No. 4735, 2004 CanLII 41166 (S.C.J.) that Dr. Bail could not be
cross-examined on prior court rulings or arbitration decisions
where his testimony was rejected or his objectivity as a witness
had been questioned.
 The trial judge then put to counsel for Ms. Bruff-McArthur that there remained the issue of whether Dr. Bail had
sufficient professional objectivity to provide independent evidence and he asked her if she wished to cross-examine Dr. Bail
on this issue as part of a voir dire. Counsel declined that offer
and elected instead to cross-examine Dr. Bail on the issue as
part of her cross-examination in the trial proper.1
 The trial judge then proceeded to rule that Dr. Bail could
not testify on certain sections of his report. The relevant sections
were primarily where Dr. Bail was critical of the reliability of
the conclusions reached by other doctors examining Ms. Bruff-McArthur. The trial judge also made clear that he did not want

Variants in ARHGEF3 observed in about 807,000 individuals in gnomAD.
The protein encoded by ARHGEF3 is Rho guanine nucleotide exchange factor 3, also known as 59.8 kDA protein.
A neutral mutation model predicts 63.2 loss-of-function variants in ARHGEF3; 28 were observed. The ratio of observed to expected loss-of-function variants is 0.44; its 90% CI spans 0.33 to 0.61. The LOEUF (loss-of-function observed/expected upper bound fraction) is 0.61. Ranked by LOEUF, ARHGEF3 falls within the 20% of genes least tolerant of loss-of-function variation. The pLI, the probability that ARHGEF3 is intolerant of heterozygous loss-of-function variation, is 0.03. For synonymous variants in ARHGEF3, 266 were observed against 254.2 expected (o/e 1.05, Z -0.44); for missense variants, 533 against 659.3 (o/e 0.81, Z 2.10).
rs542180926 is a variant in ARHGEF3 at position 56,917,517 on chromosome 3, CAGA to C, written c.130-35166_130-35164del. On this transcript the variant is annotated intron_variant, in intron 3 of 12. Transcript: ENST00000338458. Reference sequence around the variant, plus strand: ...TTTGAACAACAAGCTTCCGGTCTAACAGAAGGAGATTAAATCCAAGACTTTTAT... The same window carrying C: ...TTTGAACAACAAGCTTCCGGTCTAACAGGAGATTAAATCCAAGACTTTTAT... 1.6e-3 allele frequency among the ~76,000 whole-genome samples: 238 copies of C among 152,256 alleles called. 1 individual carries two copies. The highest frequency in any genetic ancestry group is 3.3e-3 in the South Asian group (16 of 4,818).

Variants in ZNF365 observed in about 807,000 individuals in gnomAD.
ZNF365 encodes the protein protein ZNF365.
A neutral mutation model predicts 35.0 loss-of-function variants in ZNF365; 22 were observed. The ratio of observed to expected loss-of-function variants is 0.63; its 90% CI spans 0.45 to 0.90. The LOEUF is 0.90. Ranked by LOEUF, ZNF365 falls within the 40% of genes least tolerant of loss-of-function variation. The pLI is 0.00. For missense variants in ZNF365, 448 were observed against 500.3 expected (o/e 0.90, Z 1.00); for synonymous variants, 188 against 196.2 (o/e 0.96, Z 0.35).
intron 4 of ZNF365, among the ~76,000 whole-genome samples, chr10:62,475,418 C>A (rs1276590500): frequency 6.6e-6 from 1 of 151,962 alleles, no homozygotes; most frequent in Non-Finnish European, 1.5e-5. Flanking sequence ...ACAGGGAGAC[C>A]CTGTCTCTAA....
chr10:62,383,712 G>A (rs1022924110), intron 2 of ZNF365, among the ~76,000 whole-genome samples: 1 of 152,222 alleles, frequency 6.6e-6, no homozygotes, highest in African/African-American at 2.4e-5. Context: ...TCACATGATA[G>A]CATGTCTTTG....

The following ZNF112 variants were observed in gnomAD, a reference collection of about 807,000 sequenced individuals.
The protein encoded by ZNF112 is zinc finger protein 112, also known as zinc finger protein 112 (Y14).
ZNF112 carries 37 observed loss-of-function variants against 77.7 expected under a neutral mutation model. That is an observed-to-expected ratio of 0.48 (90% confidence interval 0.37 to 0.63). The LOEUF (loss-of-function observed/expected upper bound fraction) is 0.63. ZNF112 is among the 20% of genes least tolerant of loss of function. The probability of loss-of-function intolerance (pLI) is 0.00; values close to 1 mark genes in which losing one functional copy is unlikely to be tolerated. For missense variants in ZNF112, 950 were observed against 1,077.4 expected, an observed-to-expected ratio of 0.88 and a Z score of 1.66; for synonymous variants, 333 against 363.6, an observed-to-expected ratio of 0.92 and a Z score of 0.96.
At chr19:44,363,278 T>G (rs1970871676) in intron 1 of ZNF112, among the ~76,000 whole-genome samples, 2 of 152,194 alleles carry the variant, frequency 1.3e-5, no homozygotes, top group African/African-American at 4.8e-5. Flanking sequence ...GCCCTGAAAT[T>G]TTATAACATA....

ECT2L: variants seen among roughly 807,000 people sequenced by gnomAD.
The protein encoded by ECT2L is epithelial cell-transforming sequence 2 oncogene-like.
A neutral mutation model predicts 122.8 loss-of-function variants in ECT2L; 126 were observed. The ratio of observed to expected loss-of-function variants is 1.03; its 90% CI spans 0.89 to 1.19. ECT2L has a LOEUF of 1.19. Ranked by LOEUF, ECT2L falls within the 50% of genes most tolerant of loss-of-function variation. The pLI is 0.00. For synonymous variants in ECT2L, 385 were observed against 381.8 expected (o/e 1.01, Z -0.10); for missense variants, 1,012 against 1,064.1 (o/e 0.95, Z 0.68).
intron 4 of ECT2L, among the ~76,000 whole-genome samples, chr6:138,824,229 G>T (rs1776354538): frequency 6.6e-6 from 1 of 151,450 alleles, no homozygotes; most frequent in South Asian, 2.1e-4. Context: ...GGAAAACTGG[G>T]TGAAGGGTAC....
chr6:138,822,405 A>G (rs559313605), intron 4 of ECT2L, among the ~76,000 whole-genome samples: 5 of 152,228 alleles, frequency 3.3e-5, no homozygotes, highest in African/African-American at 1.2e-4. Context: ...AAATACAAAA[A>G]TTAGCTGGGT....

Dr. Bail testifying about Ms. Bluff-McArthur’s credibility.
 Dr. Bail testified in-chief that his methodology was not to
review any of a subject’s medical records before meeting with
them. Consistent with this methodology, after the examination
of Ms. Bruff-McArthur, which took just over an hour, Dr. Bail
spent ten to 12 hours reviewing her medical records, looking for
discrepancies between what she told him in the meeting and
what was in the records. These discrepancies formed the largest
portion of his report.
 In summary, Dr. Bail testified that in his opinion:
Ms. Bruff-McArthur did not develop any psychiatric disorders
or limitations as a result of the accident; required no psychotherapy or psychotropic medication in relation to the accident;
her pre-accident psychiatric profile was not exacerbated by the
accident; and she did not require housekeeping or attendant
care as a result of any psychiatric condition.
(3) The verdict
 Dr. Bail was the last witness to testify at trial. After closing submissions, the trial judge gave his charge to the jury. The
charge was previously subject to a pre-charge conference and it
was provided to the parties in advance of being presented to
the juries. No objection was made to the charge and no special
instruction regarding Dr. Bail’s testimony was requested.
1 On appeal, the appellants are represented by different counsel than the
counsel they were represented by at trial.